As a Tshwanetorian born and bred in the dusty streets of Le’Ashma, I tend to take it for granted that places where people still say “please” and “thank you” only exist as a backdrop to some 13 part drama series on SABC 1. But a few weeks ago on a weekend away with the boys I found myself in such a place.
Winterton is what it is called, just under 50+k’s away from Ladysmith.
Just to give you an idea, when we arrived on Friday night, we could not fill up the car because the filling station had closed. The filling station had closed? Do you have any idea how illogical that sounds to someone like me?
The next day, I went to the SPAR to get some supplies. In the parking lot a gentleman who looked like he was out grocery shopping with his wife stopped me and said “uhamba ngo sisi omuhle!” (You are walking with a beautiful lady) I thought he was mocking me, but in fact he was actually complementing the rental I was driving. I kid you not! I pointed to the sky and said “nami ngi-bolegiwe,” as if to pass on the complement to the man upstairs. The gesture was enough to hide my shock at his appreciation, for that never happens when I am from.
Winterton! That place, where people still say “please” and “thank you,” and the young maidens have a head-gear game that would leave Erykah Badu taking notes.
Anyway off I went on the R600 towards the Misty Peaks, a charming four star self catering chalet facility right next door to the Drakensberg Sun. As I drove into probably the most beautiful of all the Drakensberg mountain valleys, the grandiose state of uKhahlamba decorated with its fifty shades of green was simply breathtaking. The winding road led to Cathkin Peak which stood tall at 3149m above sea level. Not quite the highest point of the mountain in the region, but certainly the most prominent feature, with a vista that gives anybody who cares to notice a good idea of what paradise looks like.
The locations offered a catalogue of activities on the door step from an outstanding 18 hole golf course at Champagne sports resort, to quad biking, to helicopter flights. But the boys opted for horse-back riding, despite my reservation. The thing is, as a city boy I don’t do well with animals. I have never really had a pet; in fact all I know about compassion is what I learnt from the manner in which I was cultured, and how other people have bothered to treat me. So the idea of mounting a beast and taking charge was yet another thing outside my frame of reference.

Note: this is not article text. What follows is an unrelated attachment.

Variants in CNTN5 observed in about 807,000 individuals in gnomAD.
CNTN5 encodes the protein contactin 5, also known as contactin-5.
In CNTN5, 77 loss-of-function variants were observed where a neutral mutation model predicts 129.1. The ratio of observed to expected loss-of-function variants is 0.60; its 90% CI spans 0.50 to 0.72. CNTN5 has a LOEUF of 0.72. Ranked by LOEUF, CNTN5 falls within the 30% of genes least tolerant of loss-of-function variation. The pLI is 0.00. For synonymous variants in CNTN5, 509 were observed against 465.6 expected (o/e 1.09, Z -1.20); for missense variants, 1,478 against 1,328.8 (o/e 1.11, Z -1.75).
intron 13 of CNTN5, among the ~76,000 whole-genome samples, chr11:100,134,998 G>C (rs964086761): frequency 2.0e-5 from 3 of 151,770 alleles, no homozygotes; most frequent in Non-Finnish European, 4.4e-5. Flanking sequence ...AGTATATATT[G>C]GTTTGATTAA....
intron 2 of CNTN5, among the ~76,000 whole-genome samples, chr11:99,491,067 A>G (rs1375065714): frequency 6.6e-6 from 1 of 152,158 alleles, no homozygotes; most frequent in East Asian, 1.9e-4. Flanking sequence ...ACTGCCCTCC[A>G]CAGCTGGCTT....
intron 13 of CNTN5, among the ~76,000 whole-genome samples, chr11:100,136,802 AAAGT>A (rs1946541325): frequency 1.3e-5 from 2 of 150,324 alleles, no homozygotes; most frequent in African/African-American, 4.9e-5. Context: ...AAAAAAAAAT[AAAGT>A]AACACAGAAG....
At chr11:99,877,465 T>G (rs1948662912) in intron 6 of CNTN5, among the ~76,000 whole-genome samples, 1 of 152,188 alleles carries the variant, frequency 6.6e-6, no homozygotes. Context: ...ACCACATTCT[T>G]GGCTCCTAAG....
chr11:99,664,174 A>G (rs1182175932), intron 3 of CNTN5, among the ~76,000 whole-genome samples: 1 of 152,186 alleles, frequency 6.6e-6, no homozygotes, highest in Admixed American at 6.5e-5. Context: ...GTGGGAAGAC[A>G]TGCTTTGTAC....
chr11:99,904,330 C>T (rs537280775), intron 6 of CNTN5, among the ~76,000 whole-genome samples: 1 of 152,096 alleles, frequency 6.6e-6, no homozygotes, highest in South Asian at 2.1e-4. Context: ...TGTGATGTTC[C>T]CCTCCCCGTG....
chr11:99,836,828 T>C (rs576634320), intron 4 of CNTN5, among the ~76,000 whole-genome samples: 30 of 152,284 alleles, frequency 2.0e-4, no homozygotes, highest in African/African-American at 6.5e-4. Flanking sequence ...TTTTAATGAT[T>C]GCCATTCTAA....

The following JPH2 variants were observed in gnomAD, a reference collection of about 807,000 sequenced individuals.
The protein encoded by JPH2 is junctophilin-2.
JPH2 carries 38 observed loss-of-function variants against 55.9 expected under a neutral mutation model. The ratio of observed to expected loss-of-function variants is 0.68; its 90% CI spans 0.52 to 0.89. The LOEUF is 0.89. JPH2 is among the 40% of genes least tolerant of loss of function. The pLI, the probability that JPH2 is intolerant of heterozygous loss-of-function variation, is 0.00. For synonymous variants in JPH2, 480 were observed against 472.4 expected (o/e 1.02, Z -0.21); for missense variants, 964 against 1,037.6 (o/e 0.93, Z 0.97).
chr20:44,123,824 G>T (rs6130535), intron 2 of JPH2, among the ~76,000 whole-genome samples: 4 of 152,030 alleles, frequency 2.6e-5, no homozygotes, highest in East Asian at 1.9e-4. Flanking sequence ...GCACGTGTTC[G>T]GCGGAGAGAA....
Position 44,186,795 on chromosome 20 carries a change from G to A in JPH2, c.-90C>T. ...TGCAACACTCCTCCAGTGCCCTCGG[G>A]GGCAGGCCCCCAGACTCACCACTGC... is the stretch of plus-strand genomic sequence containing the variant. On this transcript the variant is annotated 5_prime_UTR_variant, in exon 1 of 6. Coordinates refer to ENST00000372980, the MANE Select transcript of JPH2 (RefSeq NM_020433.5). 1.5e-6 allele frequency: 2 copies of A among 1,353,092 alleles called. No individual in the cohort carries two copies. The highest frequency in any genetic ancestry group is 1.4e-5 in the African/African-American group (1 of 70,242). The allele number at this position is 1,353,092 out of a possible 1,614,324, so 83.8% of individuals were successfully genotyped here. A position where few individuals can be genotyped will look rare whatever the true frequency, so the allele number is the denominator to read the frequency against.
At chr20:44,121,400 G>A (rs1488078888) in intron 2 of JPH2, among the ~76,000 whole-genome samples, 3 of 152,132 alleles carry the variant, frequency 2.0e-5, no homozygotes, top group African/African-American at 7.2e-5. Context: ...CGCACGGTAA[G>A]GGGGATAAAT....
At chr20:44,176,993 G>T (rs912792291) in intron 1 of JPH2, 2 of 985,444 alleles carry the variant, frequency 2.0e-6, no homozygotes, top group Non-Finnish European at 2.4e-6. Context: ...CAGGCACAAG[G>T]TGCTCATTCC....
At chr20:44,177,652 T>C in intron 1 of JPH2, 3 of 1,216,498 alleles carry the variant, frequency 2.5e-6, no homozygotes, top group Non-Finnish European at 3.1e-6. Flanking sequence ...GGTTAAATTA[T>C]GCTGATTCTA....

So, off we went. With the admin out of the way came the process of finding a helmet. I must say that was somewhat
testing. Only until that point I had to quietly accept to myself that perhaps I should look among those marked Large, then it was quick. I was allocated a horse named Witchcraft, a big black stallion whose majesty was unmistakable. In random conversations with colleagues at work who are serious riders, they often speak of the feeling of being “at one with the beast,” I thought they were high. But as soon as I mounted Witchcraft, I felt like King Robb Stark in the Game of Thrones.
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I should also say, the last time I had ridden a horse was a few decades ago. I must have been 9. It is not something that featured highly on my bucket list, what with my irrational fears of animals and all. So saying that I was approaching this excursion with a measure of trepidation would be putting it mildly. I was at least comforted by the full knowledge that a horse is a herbivore, so at least I was safe. But in the briefing session, the instructor made mention of the horses being very jealous of each other and liable to kick or bite each other should they feel upstaged. So you can imagine as I gave Witchcraft a sharp kick to the chops to get him going, in my mind’s eye, I could not help but see this scene to be easily featured on a First for Women TV ad.
Despite having a few of my amigos coming onto this expedition with some previous horse riding experience, somehow I ended up right behind Lynn the instructor, as we rode in single file on a trail in Dragon’s Peak.
To my surprise, the ride was pleasant. And Witchcraft didn’t seem fazed by the prospect of carrying an unnaturally expanded bag of bones such as me. Just like that, he kept walking, while I did my best to stay balanced on his back.
At the Sterkspruit River, which flows into the Tugela we encountered a zebra and a donkey. And
Lynn’ mare, Viennese Waltz became so scared of the “costumed menace” that she wanted to run away. Apparently, being new in the resort she had not worked out that the zebra is not a horse. It was so bad that Lynn had to get off the horse and walk it river-side putting the line between Viennese Waltz and the zebra. What that meant is that suddenly I had to lead the line. Yes me, the guy barely able to compose himself with his phobias raging. But Witchcraft peered over his shoulder as if to say “don’t worry, I got you.”
As we trailed up the peaks and down the hills, not even the sightings of the kingfisher or Egyptian geese could distract me from leaning forward and holding on for dear life on the mane as we went up the hill, and leaning back as we went downhill. No one told me this was going to be an ab-workout of note. No wonder the riders in my office have such implacable cores.
Anyway, so went my first adulthood encounter with a horse. I may not have dealt with my phobias, but I can certainly confirm that the event was not my last. I can never claim that horse riding was ever a fitness option in my reckoning. However I can definitely say that all future events where means collide with occasion, I will not hesitate to take up the opportunity.